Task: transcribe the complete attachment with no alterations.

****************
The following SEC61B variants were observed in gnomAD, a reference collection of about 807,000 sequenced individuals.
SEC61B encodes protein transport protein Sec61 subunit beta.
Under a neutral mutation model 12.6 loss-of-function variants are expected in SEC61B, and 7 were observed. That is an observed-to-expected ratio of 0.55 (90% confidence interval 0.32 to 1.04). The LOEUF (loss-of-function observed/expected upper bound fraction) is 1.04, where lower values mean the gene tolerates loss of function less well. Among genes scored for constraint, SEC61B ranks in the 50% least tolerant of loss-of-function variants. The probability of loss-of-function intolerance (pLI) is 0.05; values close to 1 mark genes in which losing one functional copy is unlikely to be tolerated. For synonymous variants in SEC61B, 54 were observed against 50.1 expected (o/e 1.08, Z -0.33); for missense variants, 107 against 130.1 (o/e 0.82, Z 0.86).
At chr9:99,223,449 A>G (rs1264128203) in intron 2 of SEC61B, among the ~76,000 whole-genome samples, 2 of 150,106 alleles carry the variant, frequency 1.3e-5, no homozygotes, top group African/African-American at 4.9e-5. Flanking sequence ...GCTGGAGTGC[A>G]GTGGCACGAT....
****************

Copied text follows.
The following SEC61B variants were observed in gnomAD, a reference collection of about 807,000 sequenced individuals.
SEC61B encodes protein transport protein Sec61 subunit beta.
Under a neutral mutation model 12.6 loss-of-function variants are expected in SEC61B, and 7 were observed. That is an observed-to-expected ratio of 0.55 (90% confidence interval 0.32 to 1.04). The LOEUF (loss-of-function observed/expected upper bound fraction) is 1.04, where lower values mean the gene tolerates loss of function less well. Among genes scored for constraint, SEC61B ranks in the 50% least tolerant of loss-of-function variants. The probability of loss-of-function intolerance (pLI) is 0.05; values close to 1 mark genes in which losing one functional copy is unlikely to be tolerated. For synonymous variants in SEC61B, 54 were observed against 50.1 expected (o/e 1.08, Z -0.33); for missense variants, 107 against 130.1 (o/e 0.82, Z 0.86).
At chr9:99,223,449 A>G (rs1264128203) in intron 2 of SEC61B, among the ~76,000 whole-genome samples, 2 of 150,106 alleles carry the variant, frequency 1.3e-5, no homozygotes, top group African/African-American at 4.9e-5. Flanking sequence ...GCTGGAGTGC[A>G]GTGGCACGAT....